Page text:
Please use this identifier to cite or link to this item: http://hdl.handle.net/2440/10001
Citations
Scopus Web of Science® Altmetric
?
?
Type: Journal article
Title: Patient preferences for autonomy in decision making in asthma management
Author: Adams, R.
Smith, B.
Ruffin, R.
Citation: Thorax, 2001; 56(2):126-132
Publisher: British Med Journal Publ Group
Issue Date: 2001
ISSN: 0040-6376
1468-3296
Statement of
Responsibility: 
R J Adams, B J Smith and R E Ruffin
Abstract: BACKGROUND: Lower patient preferences for autonomy in management decision making during asthma exacerbations have been associated with an increased risk for future hospital admissions. We sought to examine patient preferences for asthma self-management autonomy, and the clinical and psychosocial factors associated with autonomy preferences. METHODS: A cross sectional observational study was performed with data collected between June 1995 and December 1997 of 212 adult patients with moderate to severe asthma managed, at least in part, at two teaching hospitals. Subjects completed a survey of autonomy preferences, quality of life, clinical morbidity and health service use, asthma knowledge, self-efficacy, coping styles, and psychosocial measures. RESULTS: Patients preferred clinicians to assume the major role in most decision making about their management. However, patients wished to remain in control in choosing when to seek care and wanted to share decisions regarding initiating changes in medications during a moderate exacerbation. Multiple regression analysis showed that concerns about adverse effects of medications, education level, an active coping style, perceptions of the propensity of physicians to involve them in treatment decision making, and concerns about costs causing delays in seeking medical care were associated with preferences for autonomy in decision making. Autonomy preferences were not related to measures of concurrent clinical asthma control or health related quality of life. CONCLUSIONS: In a group of patients with moderate to severe asthma, a high proportion of whom were from socioeconomically disadvantaged backgrounds, education level, perceived physician behaviour, cost barriers to care, and psychosocial factors (but not clinical asthma control or management) were related to patient preferences for autonomy in management decision making during asthma exacerbations. This has implications for asthma action plans and design of self-management programmes.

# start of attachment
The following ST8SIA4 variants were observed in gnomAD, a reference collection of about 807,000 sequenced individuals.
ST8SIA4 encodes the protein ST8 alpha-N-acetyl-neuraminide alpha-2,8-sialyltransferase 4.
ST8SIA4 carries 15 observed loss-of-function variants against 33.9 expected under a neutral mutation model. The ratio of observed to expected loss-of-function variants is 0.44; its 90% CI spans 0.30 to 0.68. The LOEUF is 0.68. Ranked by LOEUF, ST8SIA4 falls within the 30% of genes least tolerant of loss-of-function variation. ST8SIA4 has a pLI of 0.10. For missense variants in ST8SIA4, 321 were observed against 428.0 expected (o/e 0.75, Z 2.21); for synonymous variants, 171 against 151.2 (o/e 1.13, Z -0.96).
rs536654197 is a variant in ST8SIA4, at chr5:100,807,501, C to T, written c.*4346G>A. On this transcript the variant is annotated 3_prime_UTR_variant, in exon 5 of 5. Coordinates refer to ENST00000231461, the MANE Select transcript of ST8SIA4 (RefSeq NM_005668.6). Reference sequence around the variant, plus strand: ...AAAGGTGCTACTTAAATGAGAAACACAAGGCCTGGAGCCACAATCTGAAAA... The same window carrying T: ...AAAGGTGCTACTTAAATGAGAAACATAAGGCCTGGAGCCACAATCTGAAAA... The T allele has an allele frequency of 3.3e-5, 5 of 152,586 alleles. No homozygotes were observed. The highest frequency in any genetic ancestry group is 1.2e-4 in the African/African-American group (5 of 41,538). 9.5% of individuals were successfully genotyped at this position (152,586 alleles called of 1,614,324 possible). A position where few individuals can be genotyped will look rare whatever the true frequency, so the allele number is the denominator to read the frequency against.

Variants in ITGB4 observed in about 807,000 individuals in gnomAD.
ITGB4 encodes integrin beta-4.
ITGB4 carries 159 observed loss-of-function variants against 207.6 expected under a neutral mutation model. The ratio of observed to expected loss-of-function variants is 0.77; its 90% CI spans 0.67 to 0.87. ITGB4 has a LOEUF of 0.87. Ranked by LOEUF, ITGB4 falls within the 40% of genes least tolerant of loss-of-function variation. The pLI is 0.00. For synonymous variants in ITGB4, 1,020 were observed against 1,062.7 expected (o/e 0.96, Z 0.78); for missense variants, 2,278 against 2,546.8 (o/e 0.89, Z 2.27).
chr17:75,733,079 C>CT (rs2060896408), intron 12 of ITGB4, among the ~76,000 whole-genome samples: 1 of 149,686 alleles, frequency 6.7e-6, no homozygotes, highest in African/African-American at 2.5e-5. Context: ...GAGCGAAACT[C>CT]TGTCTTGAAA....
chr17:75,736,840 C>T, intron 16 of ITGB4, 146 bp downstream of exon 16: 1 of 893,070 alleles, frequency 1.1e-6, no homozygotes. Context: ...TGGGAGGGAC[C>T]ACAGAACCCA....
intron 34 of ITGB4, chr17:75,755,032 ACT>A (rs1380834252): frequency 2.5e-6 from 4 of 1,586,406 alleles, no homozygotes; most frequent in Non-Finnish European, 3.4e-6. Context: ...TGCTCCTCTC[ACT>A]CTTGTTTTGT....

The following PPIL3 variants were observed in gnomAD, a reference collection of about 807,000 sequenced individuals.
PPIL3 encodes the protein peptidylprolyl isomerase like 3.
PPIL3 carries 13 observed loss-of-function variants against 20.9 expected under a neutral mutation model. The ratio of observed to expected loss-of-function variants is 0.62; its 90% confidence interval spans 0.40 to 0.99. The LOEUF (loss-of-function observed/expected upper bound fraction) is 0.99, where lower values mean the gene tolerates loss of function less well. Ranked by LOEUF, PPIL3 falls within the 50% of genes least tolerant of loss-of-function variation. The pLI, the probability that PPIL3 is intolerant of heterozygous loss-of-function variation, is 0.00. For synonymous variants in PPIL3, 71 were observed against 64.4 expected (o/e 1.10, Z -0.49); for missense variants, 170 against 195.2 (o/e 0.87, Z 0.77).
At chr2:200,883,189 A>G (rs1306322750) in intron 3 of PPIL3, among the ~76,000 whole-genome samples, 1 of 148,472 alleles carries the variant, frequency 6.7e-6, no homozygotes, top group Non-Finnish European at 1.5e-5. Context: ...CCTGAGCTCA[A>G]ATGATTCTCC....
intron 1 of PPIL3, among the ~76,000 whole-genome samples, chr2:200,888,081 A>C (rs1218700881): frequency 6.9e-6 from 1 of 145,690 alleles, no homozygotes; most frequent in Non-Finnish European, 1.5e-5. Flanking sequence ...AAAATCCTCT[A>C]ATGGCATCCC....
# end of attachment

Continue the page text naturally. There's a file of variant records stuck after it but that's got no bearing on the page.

Keywords: Asthma; self-management; decision making; patient preference
Description: Copyright © 2001 BMJ Publishing Group Ltd & British Thoracic Society
RMID: 0020011122
DOI: 10.1136/thorax.56.2.126
Appears in Collections:Medicine publications

Files in This Item:
There are no files associated with this item.


Items in DSpace are protected by copyright, with all rights reserved, unless otherwise indicated.